Posted on: 01/3/18

Confined Space Training 101: Buyers Guide

There is a staggering range of options out there when it comes to training people to access confined spaces. Do you have the right information to book your individual of group of employees in with the right training provider?

Information to choose the best trainers…

Information to make the right decision on location: online, mobile, client site, centre based….

Information to make the right decision on accreditation: in-house, City & Guilds, ISO 9001, bespoke courses…

The list goes on.

It’s not an easy decision, is it?! Potentially, a lot of money is at stake. Furthermore people’s time is on the line, which is even harder to put a price on!

There are 1001 people who’ll call themselves confined space trainers. But a PowerPoint presentation and background in industry does not a confined space trainer make!

This article is going to help you make a wise decision when it comes to choosing the right training provider. At Reax Specialist Access and Rescue we’ve been in the position of both trainee and trainer many times over the years and have found the following to be essential information:

Training and Instructional Staff

There are 1001 people who’ll call themselves confined space trainers. But a PowerPoint presentation and background in industry does not a confined space trainer make! Communication skills, access experience, the ability to solve complex rescue problems, listening skills and real life rescue experience both individually and in a team set some trainers apart from others. As an example, many of our training team are from a fire and rescue service background and have operated or managed in team environments over extensive careers. In addition they are passionate about helping others to operate safely and enjoy passing on their skills. If you’re just looking for a tick in a box, don’t bother asking about the background and experience of the confined space training staff. But if you do want to get the highest level of training, it’s worth asking a few questions and expecting to hear about highly experienced personnel.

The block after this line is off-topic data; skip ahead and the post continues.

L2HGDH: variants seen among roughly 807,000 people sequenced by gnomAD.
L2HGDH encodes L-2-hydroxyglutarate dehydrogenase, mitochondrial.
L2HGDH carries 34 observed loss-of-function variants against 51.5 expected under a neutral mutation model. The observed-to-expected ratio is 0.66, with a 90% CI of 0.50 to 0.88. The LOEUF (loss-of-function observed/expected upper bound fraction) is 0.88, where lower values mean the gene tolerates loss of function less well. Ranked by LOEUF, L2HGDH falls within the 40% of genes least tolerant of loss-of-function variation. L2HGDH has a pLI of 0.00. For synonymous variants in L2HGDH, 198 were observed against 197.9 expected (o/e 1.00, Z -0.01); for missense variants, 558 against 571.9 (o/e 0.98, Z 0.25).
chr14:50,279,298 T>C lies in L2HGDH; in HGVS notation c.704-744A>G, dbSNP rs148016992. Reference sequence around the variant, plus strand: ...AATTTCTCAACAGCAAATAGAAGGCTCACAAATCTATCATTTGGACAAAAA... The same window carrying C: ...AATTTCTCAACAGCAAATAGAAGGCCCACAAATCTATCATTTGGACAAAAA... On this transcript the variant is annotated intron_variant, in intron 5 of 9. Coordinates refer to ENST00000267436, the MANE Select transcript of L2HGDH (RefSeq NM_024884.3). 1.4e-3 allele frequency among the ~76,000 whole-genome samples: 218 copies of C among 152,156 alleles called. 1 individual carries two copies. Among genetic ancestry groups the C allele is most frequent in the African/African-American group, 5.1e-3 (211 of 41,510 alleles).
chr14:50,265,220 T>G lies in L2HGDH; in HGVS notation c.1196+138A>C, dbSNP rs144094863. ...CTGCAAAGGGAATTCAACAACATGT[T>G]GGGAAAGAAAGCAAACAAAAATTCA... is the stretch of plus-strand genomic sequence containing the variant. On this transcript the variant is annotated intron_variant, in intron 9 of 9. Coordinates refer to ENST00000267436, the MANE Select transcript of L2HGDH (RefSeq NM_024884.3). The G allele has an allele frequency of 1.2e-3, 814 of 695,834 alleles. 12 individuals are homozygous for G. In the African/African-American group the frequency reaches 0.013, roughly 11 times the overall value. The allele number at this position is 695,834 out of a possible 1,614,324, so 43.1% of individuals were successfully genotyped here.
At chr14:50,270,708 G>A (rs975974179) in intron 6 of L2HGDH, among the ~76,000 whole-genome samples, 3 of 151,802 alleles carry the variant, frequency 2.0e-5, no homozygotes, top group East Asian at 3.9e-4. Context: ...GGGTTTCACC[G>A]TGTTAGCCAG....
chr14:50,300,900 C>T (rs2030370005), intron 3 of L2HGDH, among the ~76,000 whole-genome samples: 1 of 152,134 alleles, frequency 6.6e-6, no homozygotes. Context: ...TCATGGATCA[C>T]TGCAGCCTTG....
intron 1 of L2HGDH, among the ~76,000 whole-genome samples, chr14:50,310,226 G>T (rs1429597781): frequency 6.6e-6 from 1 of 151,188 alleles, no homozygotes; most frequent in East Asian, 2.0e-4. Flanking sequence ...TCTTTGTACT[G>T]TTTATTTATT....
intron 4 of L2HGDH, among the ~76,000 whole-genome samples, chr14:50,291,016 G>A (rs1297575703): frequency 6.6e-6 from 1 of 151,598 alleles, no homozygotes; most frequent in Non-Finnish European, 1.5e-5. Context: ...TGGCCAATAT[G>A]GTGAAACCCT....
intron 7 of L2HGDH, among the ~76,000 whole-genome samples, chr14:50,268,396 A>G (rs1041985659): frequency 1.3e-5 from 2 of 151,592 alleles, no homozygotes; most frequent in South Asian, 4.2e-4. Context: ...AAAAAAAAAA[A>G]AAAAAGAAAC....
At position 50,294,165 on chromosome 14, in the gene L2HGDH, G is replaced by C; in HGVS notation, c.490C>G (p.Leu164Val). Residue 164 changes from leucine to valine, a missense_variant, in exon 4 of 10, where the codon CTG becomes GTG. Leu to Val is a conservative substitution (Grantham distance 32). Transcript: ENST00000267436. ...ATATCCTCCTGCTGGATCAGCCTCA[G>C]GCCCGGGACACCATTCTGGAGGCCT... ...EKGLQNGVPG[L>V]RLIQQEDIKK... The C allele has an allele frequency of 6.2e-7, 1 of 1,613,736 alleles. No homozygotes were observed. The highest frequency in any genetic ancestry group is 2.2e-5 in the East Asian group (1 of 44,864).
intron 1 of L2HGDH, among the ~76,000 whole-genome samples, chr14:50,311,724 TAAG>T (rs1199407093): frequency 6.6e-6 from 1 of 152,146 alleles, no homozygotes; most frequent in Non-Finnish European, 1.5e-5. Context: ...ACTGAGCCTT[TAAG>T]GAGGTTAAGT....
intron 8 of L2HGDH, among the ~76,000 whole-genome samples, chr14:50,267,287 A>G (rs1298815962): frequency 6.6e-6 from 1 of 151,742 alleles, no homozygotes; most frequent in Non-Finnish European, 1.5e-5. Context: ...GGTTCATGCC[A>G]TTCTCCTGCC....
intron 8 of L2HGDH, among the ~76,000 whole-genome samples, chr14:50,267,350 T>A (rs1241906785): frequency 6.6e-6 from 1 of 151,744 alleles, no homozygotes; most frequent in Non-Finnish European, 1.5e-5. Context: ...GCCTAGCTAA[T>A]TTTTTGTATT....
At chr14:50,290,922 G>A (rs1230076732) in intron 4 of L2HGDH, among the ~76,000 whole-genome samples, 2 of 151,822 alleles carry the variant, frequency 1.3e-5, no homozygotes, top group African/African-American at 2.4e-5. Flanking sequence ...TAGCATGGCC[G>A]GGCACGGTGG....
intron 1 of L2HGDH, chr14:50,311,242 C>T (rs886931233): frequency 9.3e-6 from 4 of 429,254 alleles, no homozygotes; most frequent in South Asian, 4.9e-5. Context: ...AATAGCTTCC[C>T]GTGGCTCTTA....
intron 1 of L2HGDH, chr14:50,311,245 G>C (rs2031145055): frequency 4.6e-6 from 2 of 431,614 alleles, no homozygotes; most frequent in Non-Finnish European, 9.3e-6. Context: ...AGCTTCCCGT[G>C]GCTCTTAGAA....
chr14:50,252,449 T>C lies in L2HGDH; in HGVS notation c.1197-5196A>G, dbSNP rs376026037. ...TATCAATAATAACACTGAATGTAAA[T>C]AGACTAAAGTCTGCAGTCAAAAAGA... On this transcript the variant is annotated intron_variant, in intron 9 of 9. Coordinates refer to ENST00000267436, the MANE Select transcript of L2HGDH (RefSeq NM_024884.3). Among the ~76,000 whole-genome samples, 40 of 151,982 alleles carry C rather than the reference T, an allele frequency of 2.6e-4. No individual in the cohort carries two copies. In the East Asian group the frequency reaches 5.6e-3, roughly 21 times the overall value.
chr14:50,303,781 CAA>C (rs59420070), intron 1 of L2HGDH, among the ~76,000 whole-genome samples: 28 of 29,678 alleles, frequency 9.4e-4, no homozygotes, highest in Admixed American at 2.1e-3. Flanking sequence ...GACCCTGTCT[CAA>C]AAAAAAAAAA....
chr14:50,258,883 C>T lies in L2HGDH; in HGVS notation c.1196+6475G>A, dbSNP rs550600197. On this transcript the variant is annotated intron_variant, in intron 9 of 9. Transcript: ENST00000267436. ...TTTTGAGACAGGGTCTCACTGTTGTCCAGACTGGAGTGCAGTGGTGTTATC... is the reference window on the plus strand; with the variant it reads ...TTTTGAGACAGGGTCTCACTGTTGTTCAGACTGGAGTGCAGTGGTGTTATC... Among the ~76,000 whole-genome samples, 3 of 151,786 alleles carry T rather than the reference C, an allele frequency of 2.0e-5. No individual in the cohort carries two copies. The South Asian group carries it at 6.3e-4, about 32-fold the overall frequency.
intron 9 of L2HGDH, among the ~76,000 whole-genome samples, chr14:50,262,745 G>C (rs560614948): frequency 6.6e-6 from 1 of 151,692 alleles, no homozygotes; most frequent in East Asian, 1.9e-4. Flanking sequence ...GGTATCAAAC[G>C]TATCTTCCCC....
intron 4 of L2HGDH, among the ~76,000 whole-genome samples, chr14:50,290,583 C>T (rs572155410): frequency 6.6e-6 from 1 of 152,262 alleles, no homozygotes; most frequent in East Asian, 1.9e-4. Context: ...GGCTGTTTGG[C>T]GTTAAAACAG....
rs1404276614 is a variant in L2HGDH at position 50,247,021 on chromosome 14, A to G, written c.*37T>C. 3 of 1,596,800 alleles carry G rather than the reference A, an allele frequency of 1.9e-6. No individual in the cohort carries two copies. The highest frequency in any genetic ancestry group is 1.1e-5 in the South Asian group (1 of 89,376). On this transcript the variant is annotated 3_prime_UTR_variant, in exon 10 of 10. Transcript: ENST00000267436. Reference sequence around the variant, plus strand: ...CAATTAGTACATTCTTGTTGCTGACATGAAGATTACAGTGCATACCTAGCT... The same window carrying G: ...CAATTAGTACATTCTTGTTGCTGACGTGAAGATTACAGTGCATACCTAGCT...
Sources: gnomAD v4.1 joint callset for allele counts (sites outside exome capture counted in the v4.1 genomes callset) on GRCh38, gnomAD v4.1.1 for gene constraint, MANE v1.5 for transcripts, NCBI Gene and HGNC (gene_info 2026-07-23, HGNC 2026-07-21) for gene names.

Location

Firstly, you need there to be a location! If anyone thinks they can sufficiently train their staff to access confined spaces by putting them through an online course they are asking for trouble. There is no replacement for real life experience of accessing confined spaces and having a real person standing next to you, able to answer questions and identify errors.

Equally, many training courses are run with inadequate facilities; how many of us have arrived on a confined space course to find the practical activities being carried out on a shipping container with a few holes cut in it?! Purpose built training centres tend to offer the most realistic training environments which can be tailored to your employee’s requirements. Working with a vertical, round manhole entry? Accessing through a rectangular side hatch which is a metre off the floor? These are common situations which a purpose built centre is more likely to accommodate (see here for an example of good training facilities).

If you’re looking at bringing in a company to train at your site it’s worth ensuring that your facilities are safe but also adequate. Many companies have confined spaces which can be made available for training but which offer little in the way of complexity. It’s not going to help anyone who’s on a medium risk course to practice going into a low risk environment… At Reax we always liaise with companies to ensure that client site training is as high quality as our centre based courses.

Accreditation

It’s worth finding out if your company or clients require a particular accreditation for training courses. At Reax we offer both City & Guilds and in-house accreditation. Some companies insist on a City & Guilds qualification, while others require the greater flexibility of an in-house course with a bespoke curriculum. This is where a conversation with a training provider can be helpful to establish what exactly will be provided. Equally, the quality management systems of a training provider should be considered. Ideally they will have ISO 9001 (2015), ensuring that they have robust systems in place to make sure you receive the best possible service. Something like this is highly desirable.

This list is not exhaustive! There’s lots of other factors including price, availability and locality. But hopefully the above should help you to find a quality training provider.

Andy Williams is Training Manager at Reax Specialist Access and Rescue, based in Blackpool, UK.

More details about Reax can be found at www.reaxltd.com.